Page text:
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from birth to love  5/12/2002  
writer`s name:in my tree

My mom and me, we've had a rough time.

It started when I was born.


And the beginning of the end of the rough time happened in February 1999, when she finally admitted to hating me.


It sounds harsh, but really, it was a relief to finally hear her say it.


I know that on this sacred mother's day we are supposed to wax poetic about our dear moms, and maybe that is real for some, but for me, I'm not there yet. Hell, we didn't start really liking each other until April 1999, so it's only been three years. That's 30 other years we have left to make up for.


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From the beginning of my memory, I knew my mother hated me. I blatantly accused her of it on many angry occasions, but it must be hard to admit that you dislike your child.


By the time I was born my mother was a raging alcoholic. Her and my father's marriage was rocky and soon to be ending. He was devastated, she was not...until she sobered up. Of which, was many times, until she "felloffthewagon."


When me and my sisters were kids we used to jump on my mom's bed in the morning and sing, "what do you do with a drunken mother, what do you do with a drunken mother." It was some pirate song that we altered to fit our mom.


My mom is a nurse. She was commended all of the time about how caring and wonderful she was.


My mom and I fought all of the time. She loved my sisters, it was very obvious and she would constantly be on my ass about being a "show off."


In therapy I realized that I was the extrovert she wanted to be, but couldn't be unless she drank like a sailor. (来源:英语学习门户网站EnglishCN.com)


Her favorite thing was to say to me, "quit showing off, Bette Davis!" It was very effective in shaming me and getting me to shut the fuck up. It totally stunted my creative, outgoing side. This stuck with me, until I wrestled free of it somewhere around 1993. I (somewhat) jokingly tell her now, "I could've been a successful actor, with tons of money, taking care of you...instead I'm a social worker trying to fix myself, along with the rest of the world, with all of my money spent on therapy." She started joking with me about this a year ago.


She eventually kicked me out when I was in 3rd grade. She called my dad and said, "come get her." She packed my bags and sent me off. She would tell me later, "you were always in my face, telling me how much better daddy was, so I let him have you."


I lived with him until I was 18.


After I left it was just a matter of time before we (my two older sisters and I) all lived with my dad. My mom sold everything, gave dad the "kids" and went to Greece for 6 months. She came back and left, came back and left, stayed for a while, but was a drunk mess. She was able to hold down a job usually.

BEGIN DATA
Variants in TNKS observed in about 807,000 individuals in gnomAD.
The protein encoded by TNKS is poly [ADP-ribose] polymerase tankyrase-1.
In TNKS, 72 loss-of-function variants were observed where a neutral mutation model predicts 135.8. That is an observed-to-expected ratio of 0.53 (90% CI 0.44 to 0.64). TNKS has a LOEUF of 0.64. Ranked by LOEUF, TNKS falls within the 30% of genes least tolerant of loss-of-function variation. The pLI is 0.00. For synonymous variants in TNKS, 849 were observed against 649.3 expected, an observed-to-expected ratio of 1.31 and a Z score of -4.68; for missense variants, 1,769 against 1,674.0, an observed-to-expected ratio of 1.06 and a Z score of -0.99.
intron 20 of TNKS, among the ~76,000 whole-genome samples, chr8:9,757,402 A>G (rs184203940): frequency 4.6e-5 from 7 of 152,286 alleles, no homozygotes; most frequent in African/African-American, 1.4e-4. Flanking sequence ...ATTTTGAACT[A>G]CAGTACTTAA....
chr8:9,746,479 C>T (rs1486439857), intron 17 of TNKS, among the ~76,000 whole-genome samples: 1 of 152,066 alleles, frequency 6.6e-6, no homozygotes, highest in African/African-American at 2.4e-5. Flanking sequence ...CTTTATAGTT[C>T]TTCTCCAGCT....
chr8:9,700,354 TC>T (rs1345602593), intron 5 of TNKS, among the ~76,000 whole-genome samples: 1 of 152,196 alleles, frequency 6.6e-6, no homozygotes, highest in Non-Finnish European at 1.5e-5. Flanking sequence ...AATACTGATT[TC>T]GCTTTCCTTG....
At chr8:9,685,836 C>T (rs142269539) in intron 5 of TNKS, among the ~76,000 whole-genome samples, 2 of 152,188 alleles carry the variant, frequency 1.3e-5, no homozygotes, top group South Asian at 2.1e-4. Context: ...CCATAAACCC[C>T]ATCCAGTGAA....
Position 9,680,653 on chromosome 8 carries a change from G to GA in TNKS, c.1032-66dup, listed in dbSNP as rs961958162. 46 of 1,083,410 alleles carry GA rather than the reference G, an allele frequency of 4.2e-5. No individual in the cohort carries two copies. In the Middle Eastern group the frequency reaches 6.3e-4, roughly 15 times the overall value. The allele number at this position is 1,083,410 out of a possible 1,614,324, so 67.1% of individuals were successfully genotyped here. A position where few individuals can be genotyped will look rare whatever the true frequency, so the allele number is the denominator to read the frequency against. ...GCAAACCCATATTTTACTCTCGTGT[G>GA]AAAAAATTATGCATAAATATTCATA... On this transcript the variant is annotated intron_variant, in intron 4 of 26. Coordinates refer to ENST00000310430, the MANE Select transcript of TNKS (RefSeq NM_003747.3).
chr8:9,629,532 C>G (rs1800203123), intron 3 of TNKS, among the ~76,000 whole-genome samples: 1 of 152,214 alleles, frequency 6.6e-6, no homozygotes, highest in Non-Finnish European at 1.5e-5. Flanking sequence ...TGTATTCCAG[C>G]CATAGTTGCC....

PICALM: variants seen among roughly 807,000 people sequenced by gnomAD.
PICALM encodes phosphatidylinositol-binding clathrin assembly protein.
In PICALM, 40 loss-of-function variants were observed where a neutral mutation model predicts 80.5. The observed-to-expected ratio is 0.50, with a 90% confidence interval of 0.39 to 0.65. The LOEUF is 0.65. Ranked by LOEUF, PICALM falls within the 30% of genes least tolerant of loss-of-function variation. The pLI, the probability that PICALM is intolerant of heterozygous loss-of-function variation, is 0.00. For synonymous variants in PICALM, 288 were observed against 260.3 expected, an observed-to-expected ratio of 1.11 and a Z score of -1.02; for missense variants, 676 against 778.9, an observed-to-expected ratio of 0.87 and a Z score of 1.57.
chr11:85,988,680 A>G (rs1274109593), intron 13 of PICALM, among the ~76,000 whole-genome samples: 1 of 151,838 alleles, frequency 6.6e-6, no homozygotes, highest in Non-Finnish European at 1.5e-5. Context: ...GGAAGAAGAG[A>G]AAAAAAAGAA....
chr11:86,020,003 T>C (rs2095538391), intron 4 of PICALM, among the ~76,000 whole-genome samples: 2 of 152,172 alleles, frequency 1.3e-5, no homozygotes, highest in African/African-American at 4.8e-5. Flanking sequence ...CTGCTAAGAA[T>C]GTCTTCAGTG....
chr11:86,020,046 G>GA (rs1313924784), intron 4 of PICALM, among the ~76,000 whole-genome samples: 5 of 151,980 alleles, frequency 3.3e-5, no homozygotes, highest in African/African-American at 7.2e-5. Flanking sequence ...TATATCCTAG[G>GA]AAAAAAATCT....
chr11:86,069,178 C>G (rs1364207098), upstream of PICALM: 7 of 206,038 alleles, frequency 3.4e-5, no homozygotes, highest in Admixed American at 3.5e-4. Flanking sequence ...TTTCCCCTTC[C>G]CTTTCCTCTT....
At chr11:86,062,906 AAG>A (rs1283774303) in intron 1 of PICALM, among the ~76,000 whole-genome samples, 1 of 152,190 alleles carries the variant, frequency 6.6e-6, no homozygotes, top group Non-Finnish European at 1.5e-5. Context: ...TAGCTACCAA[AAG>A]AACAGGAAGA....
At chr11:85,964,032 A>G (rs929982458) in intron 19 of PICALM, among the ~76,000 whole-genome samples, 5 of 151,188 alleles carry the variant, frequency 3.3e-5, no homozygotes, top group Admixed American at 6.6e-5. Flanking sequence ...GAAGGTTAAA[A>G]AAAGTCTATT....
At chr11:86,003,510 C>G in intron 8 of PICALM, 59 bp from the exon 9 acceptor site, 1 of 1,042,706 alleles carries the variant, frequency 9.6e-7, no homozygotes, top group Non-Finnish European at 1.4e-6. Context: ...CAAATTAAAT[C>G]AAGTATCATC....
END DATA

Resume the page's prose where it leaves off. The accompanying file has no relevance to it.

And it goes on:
In 1987, she finally went to rehab. She had really gone fruit loops and, I guess, realized that she needed some help. In April 1987, my mom got sober. She just celebrated her 15 years of sobriety.


It was better for awhile, but not long. Soon she became a sober drunk. I didn't really understand this oxymoron, but I can assure you now, it makes perfect sense.


For years we struggled with our relationship. It finally got so bad that I just couldn't be around her. She really was a raging bitch to me and my self esteem couldn't handle her exposure.


My sisters would tell me to "just ignore her" but I couldn't.


In February 1999 my mom went to an "encounter group" type of thing called the Landmark Forum. She called me after it was over and read me a letter. It said that she had hated me my whole life because she blamed me for the demise of her marriage to my father. I was a pretty powerful infant.


It sounded amazingly ridiculous. It still does in a way.


She realized the silliness of her thought process, but it's amazing what your emotions and brain will do to keep from holding yourself accountable.


She said that with this realization, she would get to a place of loving me. She would excise the hate for me with the slow acceptance that she was the reason she and my father didn't work out.


In April 1999, my mom came out to CA to take care of me after I had broken my leg. She waited on me hand and foot for a whole week. During that week I was reading the book, "Secrets of the Ya-Ya Sisterhood." In it there is a part where the protagonist's mother writes a letter to her friend after she has had an alcohol induced nervous breakdown. I read that letter and felt my mom's alcoholic pain and misery and I just bawled. The faucet was turned on and it wasn't shutting off. I called to my mom and took 5 minutes to explain because I was crying so hard.


We TALKED that day and night. Like we had never talked before. We cried and cried and cried. She held me and I held her and we used a whole box of kleenex. It was like starting over.


And since that day, my mom and I have slowly been rebuilding our relationship.


Tonight my sister made dinner and I gave my mom and "Aunt" Penny a manicure. I painted my mom's toes harlot red and she loved them. We gave her a Quan Yin and she loved her.


At the end of the night, I hugged and kissed my mom and told her I loved her.


And she told me she loved me too.



 
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